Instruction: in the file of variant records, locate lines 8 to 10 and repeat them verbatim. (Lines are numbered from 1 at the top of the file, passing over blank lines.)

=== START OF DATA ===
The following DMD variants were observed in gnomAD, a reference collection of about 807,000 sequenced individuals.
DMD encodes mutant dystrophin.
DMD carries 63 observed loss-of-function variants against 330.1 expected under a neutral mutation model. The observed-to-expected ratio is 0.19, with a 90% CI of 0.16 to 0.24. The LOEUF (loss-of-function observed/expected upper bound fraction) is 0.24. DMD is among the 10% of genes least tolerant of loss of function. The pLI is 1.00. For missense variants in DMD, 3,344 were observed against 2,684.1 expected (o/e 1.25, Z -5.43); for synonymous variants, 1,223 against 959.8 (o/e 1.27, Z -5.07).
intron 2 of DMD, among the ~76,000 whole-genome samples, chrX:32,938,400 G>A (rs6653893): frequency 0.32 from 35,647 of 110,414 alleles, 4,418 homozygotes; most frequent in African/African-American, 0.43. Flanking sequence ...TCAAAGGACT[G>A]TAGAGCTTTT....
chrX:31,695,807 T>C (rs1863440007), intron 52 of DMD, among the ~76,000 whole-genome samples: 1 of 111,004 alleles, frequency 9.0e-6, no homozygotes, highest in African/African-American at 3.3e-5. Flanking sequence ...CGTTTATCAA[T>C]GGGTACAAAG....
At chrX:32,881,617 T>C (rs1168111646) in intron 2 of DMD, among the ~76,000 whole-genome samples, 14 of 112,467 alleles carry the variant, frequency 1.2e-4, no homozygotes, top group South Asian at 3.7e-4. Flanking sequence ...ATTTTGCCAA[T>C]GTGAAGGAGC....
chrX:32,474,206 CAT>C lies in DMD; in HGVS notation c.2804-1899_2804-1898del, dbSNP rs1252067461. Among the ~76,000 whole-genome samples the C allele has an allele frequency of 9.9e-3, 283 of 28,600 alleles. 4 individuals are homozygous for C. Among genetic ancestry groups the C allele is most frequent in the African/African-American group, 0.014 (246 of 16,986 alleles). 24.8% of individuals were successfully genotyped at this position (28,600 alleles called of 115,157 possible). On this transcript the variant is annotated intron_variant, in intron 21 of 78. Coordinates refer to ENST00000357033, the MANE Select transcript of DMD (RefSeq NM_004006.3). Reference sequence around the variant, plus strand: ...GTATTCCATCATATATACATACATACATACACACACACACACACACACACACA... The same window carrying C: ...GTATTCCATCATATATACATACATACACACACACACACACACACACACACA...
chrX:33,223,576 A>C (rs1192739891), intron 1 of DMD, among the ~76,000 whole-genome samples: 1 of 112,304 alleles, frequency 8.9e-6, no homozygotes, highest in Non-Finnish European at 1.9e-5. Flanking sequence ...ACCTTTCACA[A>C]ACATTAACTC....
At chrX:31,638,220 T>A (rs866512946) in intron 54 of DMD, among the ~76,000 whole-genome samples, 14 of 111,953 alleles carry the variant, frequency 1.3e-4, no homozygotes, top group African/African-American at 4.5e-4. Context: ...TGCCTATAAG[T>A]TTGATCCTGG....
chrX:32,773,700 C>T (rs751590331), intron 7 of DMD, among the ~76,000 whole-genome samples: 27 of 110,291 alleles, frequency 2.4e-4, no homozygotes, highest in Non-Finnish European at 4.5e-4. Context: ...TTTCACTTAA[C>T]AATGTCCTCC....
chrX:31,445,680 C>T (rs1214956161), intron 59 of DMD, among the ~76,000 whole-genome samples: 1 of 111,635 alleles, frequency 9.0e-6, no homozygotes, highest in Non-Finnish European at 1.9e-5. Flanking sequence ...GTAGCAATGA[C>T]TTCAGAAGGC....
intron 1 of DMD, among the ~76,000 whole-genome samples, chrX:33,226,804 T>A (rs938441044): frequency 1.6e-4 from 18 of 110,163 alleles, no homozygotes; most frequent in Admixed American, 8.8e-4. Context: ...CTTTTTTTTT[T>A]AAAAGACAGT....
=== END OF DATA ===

chrX:33,223,576 A>C (rs1192739891), intron 1 of DMD, among the ~76,000 whole-genome samples: 1 of 112,304 alleles, frequency 8.9e-6, no homozygotes, highest in Non-Finnish European at 1.9e-5. Flanking sequence ...ACCTTTCACA[A>C]ACATTAACTC....
At chrX:31,638,220 T>A (rs866512946) in intron 54 of DMD, among the ~76,000 whole-genome samples, 14 of 111,953 alleles carry the variant, frequency 1.3e-4, no homozygotes, top group African/African-American at 4.5e-4. Context: ...TGCCTATAAG[T>A]TTGATCCTGG....
chrX:32,773,700 C>T (rs751590331), intron 7 of DMD, among the ~76,000 whole-genome samples: 27 of 110,291 alleles, frequency 2.4e-4, no homozygotes, highest in Non-Finnish European at 4.5e-4. Context: ...TTTCACTTAA[C>T]AATGTCCTCC....